Kyndall Truett, ACSM-CPT/ACSM/ACS-CET
When we discuss the benefits of aerobic exercise, we often talk about how it can help us lose weight, grow stronger, and stay mentally and physically healthy. What if exercise also could reduce the risk of cancer? A 2016 study by the American Cancer Society and the National Cancer Institute shows a link between physical activity and cancer rates, with regular exercise lowering the risk of 13 different cancers, including breast and colon cancer.
Of course, no lifestyle choice has the power to prevent cancer entirely. But by making time for several weekly workouts, you’ll not just feel better — there’s also a chance you’ll reduce your risk of a life-altering diagnosis.
How Exercise Affects Overall Health
First, let’s consider the word aerobic. Aerobic exercise refers to physical activity that improves the efficiency of absorbing and transporting oxygen, thus improving our cardiovascular system. When we lace up our sneakers, hop on our bike or jump in the pool and engage in cardiovascular fitness, we decrease our risk of developing heart disease. How? The heart muscle strengthens, which improves blood pressure and cholesterol.
Aerobic activity also helps to control weight, thus decreasing the risk of obesity. And it has amazing psychological benefits too. Exercise helps us develop better sleeping patterns, increases our energy, boosts our endorphins and improves our self-confidence.
How Physical Activity and Cancer Are Linked
Are you wondering exactly how a daily walk or jog could reduce your risk of cancer? Here’s what medical researchers have discovered: Physical activity decreases our risk for chronic diseases, which in turn lowers the amount of inflammation in the body. Exercise also can help improve biological functions, such as balancing hormone levels. If our hormone levels are too high or uncontrolled, our bodies are at risk for developing certain types of cancers.
Regular physical activity also strengthens our immune and lymphatic systems. The immune system can be thought of as our body’s army. It’s what helps us fight cancer cells. And the lymphatic system is a network of tissues and organs responsible for flushing out toxins and waste, as well as transporting white blood cells to the areas of the body that need them most.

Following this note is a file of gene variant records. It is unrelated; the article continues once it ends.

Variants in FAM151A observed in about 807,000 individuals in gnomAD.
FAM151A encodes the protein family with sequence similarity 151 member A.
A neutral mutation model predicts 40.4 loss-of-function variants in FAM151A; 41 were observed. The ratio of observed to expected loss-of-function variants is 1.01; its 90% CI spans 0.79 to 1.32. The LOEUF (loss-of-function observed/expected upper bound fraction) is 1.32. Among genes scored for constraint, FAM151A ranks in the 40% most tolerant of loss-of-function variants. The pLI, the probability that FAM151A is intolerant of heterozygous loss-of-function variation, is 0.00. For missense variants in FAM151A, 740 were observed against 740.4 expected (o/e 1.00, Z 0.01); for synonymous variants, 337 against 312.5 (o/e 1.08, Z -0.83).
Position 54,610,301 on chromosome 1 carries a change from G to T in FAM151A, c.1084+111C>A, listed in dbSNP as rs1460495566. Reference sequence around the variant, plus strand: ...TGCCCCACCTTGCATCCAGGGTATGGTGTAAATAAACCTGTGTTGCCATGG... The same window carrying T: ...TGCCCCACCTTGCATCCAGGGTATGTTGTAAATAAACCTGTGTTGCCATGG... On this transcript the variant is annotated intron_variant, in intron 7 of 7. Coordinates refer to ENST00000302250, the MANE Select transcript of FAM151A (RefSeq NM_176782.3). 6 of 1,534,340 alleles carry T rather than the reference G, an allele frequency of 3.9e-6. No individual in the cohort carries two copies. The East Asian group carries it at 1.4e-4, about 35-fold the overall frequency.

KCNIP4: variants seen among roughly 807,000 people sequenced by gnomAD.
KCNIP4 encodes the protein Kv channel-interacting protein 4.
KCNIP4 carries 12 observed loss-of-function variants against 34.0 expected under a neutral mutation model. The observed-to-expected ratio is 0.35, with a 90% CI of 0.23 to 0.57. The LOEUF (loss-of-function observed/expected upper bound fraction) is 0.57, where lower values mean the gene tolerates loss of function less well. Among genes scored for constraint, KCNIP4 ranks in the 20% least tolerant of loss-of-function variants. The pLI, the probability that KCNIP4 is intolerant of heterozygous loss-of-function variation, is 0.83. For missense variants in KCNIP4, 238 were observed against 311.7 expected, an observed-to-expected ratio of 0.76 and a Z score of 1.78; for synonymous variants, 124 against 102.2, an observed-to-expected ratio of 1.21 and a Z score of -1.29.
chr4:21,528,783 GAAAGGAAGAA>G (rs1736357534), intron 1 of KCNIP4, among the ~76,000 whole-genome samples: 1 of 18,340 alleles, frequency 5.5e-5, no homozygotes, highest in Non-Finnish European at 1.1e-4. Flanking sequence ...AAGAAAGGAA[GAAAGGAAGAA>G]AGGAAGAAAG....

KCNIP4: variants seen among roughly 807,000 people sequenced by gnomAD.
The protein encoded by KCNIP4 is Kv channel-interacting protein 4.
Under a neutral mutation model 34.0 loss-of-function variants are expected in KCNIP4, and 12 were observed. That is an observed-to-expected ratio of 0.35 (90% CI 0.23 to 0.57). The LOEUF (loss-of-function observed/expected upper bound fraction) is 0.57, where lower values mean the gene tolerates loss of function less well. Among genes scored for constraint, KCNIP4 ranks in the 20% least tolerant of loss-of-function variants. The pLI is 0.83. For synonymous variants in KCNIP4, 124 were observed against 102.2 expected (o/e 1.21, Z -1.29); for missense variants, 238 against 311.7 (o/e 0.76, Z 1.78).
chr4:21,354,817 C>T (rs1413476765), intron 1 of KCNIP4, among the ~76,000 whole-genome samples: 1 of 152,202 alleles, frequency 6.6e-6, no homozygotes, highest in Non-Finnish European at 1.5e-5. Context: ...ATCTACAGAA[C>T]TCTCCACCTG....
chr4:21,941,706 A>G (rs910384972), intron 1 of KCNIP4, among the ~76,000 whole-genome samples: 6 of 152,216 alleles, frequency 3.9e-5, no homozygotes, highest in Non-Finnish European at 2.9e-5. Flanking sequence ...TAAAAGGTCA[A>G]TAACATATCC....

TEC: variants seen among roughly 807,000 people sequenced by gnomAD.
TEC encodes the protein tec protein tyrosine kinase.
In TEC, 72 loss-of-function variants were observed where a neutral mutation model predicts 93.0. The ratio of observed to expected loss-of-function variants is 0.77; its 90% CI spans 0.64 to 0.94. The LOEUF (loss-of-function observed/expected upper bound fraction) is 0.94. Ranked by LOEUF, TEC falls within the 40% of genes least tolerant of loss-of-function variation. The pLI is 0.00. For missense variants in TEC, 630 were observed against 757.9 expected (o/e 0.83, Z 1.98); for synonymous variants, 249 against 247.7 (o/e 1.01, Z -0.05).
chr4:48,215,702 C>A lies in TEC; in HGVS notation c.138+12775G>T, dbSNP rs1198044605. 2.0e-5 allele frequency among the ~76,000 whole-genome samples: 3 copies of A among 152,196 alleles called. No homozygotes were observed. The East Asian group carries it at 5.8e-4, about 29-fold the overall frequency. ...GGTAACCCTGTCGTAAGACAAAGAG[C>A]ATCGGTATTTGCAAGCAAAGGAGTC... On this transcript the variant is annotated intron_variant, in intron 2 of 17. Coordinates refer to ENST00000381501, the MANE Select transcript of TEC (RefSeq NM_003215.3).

How Lifestyle Affects Cancer Risk
Being sedentary is strongly associated with an increase in obesity. When we become obese, we have an increase of inflammation in our bodies — an environment in which cancer thrives. Moving more and sitting less decreases our risk of developing certain cancers, as well as other chronic diseases.
The Exercise Needed to See Benefits
The three most important modes of exercise are cardiovascular fitness, strength training and stretching.
The American College of Sports Medicine recommends doing cardiovascular fitness for 20 to 60 minutes, 5-7 times per week. While cardio is often used to burn calories for weight management, aerobic exercise also improves cholesterol, and strengthens bones and muscles. It also improves heart and lung functioning by allowing blood to pump through our system more efficiently. Walking, bicycling and swimming are all great choices for cardiovascular fitness.
The American College of Sports Medicine also recommends doing strength training 2-3 times per week, but with a day of rest in between. Stretching, or resistance training, can incorporate resistance bands, resistance machines and/or free weights. Including resistance training in your workout routine not only tones your muscles, but also strengthens your bone density, improves posture and mobility, and can benefit your heart.
How to Get Moving
New to exercise? No problem! If you’re physically able, walking is one of the best aerobic activities you can do. Whether you’re inside on a treadmill or hitting the trails in your local park, walking has numerous health benefits. For one, it’s low-weight bearing, making it easier on your joints. Of course, it also helps to lower your blood pressure and cholesterol, strengthen your heart muscle, improve psychological health, and — last but not least — reduce your risk of developing certain cancers.